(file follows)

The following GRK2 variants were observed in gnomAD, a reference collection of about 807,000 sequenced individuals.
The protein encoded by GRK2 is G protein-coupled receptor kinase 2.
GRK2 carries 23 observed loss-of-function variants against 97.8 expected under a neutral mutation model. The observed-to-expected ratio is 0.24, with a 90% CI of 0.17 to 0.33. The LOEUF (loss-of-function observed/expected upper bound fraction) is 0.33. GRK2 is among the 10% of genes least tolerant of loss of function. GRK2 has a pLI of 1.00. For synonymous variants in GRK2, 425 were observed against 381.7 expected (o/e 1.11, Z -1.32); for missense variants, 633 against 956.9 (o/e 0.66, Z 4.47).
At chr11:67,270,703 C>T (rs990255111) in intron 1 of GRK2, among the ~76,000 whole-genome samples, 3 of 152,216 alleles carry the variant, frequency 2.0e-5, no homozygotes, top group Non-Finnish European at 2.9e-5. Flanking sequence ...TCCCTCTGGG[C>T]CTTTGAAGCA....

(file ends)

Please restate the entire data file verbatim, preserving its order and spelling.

The following GRK2 variants were observed in gnomAD, a reference collection of about 807,000 sequenced individuals.
The protein encoded by GRK2 is G protein-coupled receptor kinase 2.
GRK2 carries 23 observed loss-of-function variants against 97.8 expected under a neutral mutation model. The observed-to-expected ratio is 0.24, with a 90% CI of 0.17 to 0.33. The LOEUF (loss-of-function observed/expected upper bound fraction) is 0.33. GRK2 is among the 10% of genes least tolerant of loss of function. GRK2 has a pLI of 1.00. For synonymous variants in GRK2, 425 were observed against 381.7 expected (o/e 1.11, Z -1.32); for missense variants, 633 against 956.9 (o/e 0.66, Z 4.47).
At chr11:67,270,703 C>T (rs990255111) in intron 1 of GRK2, among the ~76,000 whole-genome samples, 3 of 152,216 alleles carry the variant, frequency 2.0e-5, no homozygotes, top group Non-Finnish European at 2.9e-5. Flanking sequence ...TCCCTCTGGG[C>T]CTTTGAAGCA....